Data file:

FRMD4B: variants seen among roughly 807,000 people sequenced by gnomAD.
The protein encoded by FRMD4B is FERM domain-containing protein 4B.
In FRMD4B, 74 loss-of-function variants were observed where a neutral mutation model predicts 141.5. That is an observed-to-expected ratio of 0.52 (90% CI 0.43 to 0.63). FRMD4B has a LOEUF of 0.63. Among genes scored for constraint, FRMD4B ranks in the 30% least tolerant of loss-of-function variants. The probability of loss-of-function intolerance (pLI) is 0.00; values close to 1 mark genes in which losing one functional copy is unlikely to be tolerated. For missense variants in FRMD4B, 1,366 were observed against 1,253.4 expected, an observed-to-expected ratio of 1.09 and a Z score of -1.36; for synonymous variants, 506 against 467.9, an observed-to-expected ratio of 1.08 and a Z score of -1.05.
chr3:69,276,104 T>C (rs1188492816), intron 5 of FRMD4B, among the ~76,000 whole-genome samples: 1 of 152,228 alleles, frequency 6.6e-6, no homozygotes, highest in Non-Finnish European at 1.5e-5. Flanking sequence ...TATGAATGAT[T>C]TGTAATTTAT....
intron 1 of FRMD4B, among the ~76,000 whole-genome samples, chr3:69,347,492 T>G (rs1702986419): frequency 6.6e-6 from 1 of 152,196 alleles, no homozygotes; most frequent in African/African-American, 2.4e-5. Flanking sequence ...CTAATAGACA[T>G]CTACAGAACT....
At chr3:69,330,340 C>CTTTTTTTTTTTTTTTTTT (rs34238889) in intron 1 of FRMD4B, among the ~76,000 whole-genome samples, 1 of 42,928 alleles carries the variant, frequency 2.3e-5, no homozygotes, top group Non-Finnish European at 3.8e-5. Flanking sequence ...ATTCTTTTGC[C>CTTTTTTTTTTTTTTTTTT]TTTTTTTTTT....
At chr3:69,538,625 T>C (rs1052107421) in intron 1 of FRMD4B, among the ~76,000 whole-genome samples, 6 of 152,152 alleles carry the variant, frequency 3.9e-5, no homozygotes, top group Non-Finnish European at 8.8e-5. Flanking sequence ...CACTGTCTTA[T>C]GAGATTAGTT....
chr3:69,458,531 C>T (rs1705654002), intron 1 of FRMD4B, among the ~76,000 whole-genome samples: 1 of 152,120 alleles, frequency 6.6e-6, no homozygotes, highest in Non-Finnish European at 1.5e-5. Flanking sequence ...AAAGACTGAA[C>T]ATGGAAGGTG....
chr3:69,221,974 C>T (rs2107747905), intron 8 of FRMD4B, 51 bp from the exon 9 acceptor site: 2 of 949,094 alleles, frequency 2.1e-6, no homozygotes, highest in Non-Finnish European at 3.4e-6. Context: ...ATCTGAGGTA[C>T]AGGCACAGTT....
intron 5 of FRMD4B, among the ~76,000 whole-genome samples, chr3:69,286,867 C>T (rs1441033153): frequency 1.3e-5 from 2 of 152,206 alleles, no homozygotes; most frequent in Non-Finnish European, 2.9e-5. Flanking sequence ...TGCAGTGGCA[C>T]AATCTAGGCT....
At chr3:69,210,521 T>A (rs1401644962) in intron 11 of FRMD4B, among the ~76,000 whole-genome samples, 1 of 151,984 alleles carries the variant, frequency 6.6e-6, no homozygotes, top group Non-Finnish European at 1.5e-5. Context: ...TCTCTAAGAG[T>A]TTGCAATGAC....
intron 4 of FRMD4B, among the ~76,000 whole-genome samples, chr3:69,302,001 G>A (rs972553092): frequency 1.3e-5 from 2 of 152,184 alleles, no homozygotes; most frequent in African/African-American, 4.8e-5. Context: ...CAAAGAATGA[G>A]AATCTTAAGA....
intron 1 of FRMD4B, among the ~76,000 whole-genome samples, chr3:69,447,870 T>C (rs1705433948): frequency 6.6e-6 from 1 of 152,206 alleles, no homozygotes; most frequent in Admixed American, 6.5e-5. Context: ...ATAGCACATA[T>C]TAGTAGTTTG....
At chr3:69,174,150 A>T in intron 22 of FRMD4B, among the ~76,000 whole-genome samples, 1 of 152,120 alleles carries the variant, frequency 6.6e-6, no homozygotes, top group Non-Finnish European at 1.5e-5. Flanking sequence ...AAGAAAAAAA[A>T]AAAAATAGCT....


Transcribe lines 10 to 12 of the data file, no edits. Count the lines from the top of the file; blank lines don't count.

intron 5 of FRMD4B, among the ~76,000 whole-genome samples, chr3:69,286,867 C>T (rs1441033153): frequency 1.3e-5 from 2 of 152,206 alleles, no homozygotes; most frequent in Non-Finnish European, 2.9e-5. Flanking sequence ...TGCAGTGGCA[C>T]AATCTAGGCT....
At chr3:69,210,521 T>A (rs1401644962) in intron 11 of FRMD4B, among the ~76,000 whole-genome samples, 1 of 151,984 alleles carries the variant, frequency 6.6e-6, no homozygotes, top group Non-Finnish European at 1.5e-5. Context: ...TCTCTAAGAG[T>A]TTGCAATGAC....
intron 4 of FRMD4B, among the ~76,000 whole-genome samples, chr3:69,302,001 G>A (rs972553092): frequency 1.3e-5 from 2 of 152,184 alleles, no homozygotes; most frequent in African/African-American, 4.8e-5. Context: ...CAAAGAATGA[G>A]AATCTTAAGA....